Q&A Forum



I work in an EC setting and we have always been taught not to let the babies fall sleep with bottles in their cots as a safe practice. We continue this however I was wondering what is the reason behind not letting them fall asleep with bottles in their cots other than it being a choking hazard.

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Posted a response on 11/3/20

Red Nose Education

Many Child Health & Safety Organizations do not recommend babies having a bottle when being placed for sleep.
The issue of baby having a bottle to go to sleep is not part of the Red Nose Safe Sleep guidelines, however, there is consistent information & recommendations to suggest that this may not be good practice.

Choking is of particular concern for babies, especially the very young baby when a bottle is propped.

Raising Children’s Network has the following information:
Dangers of bottle-feeding in bed
If your baby gets used to falling asleep with a bottle in bed, she might depend on it to get to sleep. This can make it more difficult for your child to fall asleep or settle herself independently.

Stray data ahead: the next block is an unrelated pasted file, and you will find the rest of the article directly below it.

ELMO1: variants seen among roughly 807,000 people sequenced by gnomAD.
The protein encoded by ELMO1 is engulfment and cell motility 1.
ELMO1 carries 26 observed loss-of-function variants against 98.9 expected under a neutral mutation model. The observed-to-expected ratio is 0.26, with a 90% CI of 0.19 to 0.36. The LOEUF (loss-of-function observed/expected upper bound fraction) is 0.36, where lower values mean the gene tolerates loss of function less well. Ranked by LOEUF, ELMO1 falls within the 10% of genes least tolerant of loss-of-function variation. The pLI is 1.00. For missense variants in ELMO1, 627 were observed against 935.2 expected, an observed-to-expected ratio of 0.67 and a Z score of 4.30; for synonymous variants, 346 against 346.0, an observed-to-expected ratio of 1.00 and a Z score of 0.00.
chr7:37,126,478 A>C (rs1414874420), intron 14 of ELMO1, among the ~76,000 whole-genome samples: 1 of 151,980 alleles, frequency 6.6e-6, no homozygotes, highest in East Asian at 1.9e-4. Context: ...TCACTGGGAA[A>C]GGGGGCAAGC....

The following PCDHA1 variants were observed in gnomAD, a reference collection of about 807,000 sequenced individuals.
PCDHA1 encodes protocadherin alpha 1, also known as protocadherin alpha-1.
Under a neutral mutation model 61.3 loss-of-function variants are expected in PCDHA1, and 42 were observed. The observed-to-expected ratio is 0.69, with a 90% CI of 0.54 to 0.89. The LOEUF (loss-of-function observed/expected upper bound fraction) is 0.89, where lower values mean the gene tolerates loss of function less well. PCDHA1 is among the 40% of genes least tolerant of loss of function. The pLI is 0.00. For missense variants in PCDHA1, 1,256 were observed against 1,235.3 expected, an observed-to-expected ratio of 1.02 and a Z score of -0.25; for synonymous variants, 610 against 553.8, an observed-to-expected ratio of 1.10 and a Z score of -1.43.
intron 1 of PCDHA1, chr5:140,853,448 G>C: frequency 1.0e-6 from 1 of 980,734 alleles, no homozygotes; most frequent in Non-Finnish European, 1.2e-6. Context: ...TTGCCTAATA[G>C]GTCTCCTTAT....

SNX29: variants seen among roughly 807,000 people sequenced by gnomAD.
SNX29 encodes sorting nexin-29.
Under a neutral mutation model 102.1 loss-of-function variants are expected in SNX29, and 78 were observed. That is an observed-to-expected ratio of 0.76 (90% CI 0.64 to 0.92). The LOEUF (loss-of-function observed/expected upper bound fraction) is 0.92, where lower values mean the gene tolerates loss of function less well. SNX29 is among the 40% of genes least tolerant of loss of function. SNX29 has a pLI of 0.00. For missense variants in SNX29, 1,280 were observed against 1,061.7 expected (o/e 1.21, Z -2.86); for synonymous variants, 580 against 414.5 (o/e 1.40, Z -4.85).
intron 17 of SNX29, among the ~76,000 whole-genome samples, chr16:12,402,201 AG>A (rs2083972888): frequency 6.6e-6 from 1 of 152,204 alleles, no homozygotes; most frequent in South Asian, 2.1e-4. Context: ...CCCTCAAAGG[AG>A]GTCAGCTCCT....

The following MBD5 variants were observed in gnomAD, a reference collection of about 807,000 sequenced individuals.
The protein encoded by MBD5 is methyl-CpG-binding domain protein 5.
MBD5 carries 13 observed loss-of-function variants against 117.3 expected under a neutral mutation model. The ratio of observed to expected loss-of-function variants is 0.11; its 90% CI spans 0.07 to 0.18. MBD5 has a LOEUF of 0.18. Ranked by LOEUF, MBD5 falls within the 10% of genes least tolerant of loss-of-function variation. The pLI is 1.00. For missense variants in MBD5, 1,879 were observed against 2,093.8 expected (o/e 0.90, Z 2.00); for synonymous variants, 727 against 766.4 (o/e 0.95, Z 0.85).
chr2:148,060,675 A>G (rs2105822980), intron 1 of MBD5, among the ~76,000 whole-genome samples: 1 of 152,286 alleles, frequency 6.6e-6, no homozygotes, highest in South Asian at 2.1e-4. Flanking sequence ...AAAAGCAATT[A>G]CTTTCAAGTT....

Bottle-feeding in bed also has several risks for your baby.

Choking risks
Babies who fall asleep while bottle-feeding can draw liquid into their lungs. They might then choke on it or inhale it. This is like what happens when you have something ‘go down the wrong way’.
It’s more dangerous for your baby than it is for you, because your baby isn’t as good at waking up if something interferes with breathing.
Although it’s more likely that your baby will cough and be uncomfortable, you might want to avoid the risk altogether.
Tooth decay risk
If your baby falls asleep with a bottle of infant formula, formula might slowly drip into your baby’s mouth, soaking your baby’s teeth and putting him at risk of tooth decay.
Risk of ear infections
If your baby drinks while lying flat, milk can flow into her ear cavity, which can cause ear infections.

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